Litigation over a will can be extremely difficult and expensive, and it can tear families apart. No rational person wants that kind of mess to be their legacy, and so many people who are planning their estates look for ways to reduce the possibility of probate litigation after they are gone.
Imposing a penalty for challengers
One tactic meant to help avoid litigation is known as a “no-contest” “penalty” or “in terrorem” clause. These terms refer to language in a will or trust that states that any beneficiary who challenges the estate plan in court will not receive any money from it.
The idea is to frighten beneficiaries away from the idea of a will contest or other litigation. But for better and worse, it doesn’t always work out that way.
Contesting a no-contest clause
To see why no-contest clauses can be more trouble than they’re worth, remember that will contests and other types of legal challenges to estate plans must meet a very high bar before they can be successful.
In the probate process, wills and other estate planning documents represent the last wishes of the deceased. So long as the documents appear to have been executed properly, courts won’t easily declare these documents invalid. But, if the challenger can provide evidence that the deceased was improperly influenced or was otherwise not in their right frame of mind when they created the document, then a court may decide that the document must be invalid.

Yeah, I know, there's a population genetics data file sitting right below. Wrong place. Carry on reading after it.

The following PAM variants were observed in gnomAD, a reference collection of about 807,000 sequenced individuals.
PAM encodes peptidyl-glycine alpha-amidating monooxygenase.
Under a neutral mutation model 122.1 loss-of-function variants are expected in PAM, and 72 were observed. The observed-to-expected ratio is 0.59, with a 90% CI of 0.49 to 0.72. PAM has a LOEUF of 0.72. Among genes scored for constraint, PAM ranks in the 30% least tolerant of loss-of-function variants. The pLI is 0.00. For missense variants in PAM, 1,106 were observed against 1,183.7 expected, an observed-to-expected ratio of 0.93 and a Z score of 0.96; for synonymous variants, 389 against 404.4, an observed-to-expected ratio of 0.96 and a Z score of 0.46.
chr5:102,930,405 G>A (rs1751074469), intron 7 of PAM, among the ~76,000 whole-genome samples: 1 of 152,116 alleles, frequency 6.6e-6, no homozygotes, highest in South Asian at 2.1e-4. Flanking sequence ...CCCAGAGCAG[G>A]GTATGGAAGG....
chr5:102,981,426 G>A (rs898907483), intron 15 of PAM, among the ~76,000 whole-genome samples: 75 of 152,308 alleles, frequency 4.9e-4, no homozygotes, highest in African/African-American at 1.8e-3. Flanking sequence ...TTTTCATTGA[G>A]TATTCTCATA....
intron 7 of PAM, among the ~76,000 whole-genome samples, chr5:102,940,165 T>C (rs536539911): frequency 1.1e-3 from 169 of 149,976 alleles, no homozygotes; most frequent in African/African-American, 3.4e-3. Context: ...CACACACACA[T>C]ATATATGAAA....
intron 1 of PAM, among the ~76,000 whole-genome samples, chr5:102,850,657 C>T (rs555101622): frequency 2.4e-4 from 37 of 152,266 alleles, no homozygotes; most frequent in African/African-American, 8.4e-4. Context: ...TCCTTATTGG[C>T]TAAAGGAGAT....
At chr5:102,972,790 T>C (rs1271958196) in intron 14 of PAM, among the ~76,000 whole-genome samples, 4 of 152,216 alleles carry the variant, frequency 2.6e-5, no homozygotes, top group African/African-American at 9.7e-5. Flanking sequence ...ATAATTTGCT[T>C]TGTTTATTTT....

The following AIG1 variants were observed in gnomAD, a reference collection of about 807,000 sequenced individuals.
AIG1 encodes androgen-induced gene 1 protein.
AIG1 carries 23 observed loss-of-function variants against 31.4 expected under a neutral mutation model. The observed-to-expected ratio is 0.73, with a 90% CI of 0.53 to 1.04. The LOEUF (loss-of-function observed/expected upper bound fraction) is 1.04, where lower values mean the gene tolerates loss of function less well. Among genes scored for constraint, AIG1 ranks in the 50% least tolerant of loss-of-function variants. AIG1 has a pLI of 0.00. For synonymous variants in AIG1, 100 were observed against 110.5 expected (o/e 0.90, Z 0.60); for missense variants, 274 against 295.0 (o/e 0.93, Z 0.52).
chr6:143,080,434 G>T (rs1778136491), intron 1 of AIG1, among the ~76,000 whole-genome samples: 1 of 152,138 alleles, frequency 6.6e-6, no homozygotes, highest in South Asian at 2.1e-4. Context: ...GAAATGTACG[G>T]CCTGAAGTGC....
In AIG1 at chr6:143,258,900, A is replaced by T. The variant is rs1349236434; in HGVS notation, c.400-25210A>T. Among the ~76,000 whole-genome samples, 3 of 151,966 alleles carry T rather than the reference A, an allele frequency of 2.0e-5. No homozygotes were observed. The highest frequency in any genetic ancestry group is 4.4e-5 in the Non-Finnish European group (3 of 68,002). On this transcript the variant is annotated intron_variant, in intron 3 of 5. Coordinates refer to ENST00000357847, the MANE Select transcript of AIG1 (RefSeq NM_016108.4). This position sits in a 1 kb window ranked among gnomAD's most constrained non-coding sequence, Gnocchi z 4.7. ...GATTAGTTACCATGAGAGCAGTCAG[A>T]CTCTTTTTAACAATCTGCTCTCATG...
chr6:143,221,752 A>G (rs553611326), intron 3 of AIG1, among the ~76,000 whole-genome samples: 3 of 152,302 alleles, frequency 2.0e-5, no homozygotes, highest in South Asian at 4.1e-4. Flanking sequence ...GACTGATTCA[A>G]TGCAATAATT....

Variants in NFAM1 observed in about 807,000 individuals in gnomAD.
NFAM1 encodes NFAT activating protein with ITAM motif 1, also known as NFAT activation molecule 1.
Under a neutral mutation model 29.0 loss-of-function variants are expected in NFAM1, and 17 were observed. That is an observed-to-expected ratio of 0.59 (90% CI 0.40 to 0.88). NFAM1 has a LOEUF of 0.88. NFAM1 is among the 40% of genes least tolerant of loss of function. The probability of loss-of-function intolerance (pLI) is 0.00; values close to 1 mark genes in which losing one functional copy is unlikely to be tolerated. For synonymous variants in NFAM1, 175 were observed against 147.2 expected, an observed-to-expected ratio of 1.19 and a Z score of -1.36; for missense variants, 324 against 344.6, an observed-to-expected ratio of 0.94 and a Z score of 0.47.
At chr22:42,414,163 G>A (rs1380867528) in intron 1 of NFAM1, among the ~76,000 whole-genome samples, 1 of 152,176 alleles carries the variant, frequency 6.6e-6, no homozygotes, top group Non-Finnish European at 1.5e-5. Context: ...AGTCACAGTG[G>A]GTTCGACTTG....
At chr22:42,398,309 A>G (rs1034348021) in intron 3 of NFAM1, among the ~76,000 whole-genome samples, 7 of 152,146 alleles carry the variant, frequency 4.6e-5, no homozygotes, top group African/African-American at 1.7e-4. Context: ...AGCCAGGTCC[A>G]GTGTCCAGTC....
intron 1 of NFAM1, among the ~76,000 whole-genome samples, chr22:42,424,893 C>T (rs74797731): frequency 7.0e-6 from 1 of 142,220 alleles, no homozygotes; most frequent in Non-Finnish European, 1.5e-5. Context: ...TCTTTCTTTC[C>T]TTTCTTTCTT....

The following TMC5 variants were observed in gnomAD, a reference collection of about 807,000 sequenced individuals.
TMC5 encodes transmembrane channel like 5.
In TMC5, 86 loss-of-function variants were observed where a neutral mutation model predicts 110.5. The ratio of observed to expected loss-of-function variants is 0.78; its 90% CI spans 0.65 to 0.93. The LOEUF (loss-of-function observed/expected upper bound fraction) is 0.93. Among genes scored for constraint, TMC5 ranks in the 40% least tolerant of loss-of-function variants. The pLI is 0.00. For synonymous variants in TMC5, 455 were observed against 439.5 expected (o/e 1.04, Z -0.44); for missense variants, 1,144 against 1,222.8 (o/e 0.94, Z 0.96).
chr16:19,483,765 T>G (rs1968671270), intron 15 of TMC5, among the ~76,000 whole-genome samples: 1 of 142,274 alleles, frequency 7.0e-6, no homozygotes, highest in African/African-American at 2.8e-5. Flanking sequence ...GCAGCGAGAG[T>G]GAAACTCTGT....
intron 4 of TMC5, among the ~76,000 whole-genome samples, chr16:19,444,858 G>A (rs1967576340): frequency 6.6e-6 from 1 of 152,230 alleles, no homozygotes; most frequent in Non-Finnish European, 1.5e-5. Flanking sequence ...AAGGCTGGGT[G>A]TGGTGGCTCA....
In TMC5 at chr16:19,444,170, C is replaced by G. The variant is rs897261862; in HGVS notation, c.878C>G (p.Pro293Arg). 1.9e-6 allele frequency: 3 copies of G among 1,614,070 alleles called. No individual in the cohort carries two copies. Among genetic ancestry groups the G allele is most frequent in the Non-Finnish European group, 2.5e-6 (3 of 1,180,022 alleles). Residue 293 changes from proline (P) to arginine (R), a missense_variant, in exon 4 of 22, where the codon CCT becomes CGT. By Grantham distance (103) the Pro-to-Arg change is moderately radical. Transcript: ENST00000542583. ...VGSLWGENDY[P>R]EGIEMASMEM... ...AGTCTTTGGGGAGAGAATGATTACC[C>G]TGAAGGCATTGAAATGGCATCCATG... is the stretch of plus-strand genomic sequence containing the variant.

Ironically, a no-contest clause can provide evidence that the deceased was not acting in their right mind or even that the estate plan is so grossly unfair that the court must declare it invalid. Indeed, some probate litigation attorneys may view a no-contest clause as an interesting challenge to overcome.
What can you do?
A well-drafted no-contest clause may be able to stand up to any challenge, but it could also lead to trouble.
So, what can you do if you want to keep your loved ones from fighting over your legacy when you’re gone?
One thing you can do is to talk to them about your estate plan while you’re alive, to make sure they know what to expect. It’s also a good idea to talk to your estate planning professional about other strategies and tactics for reducing the likelihood of probate litigation.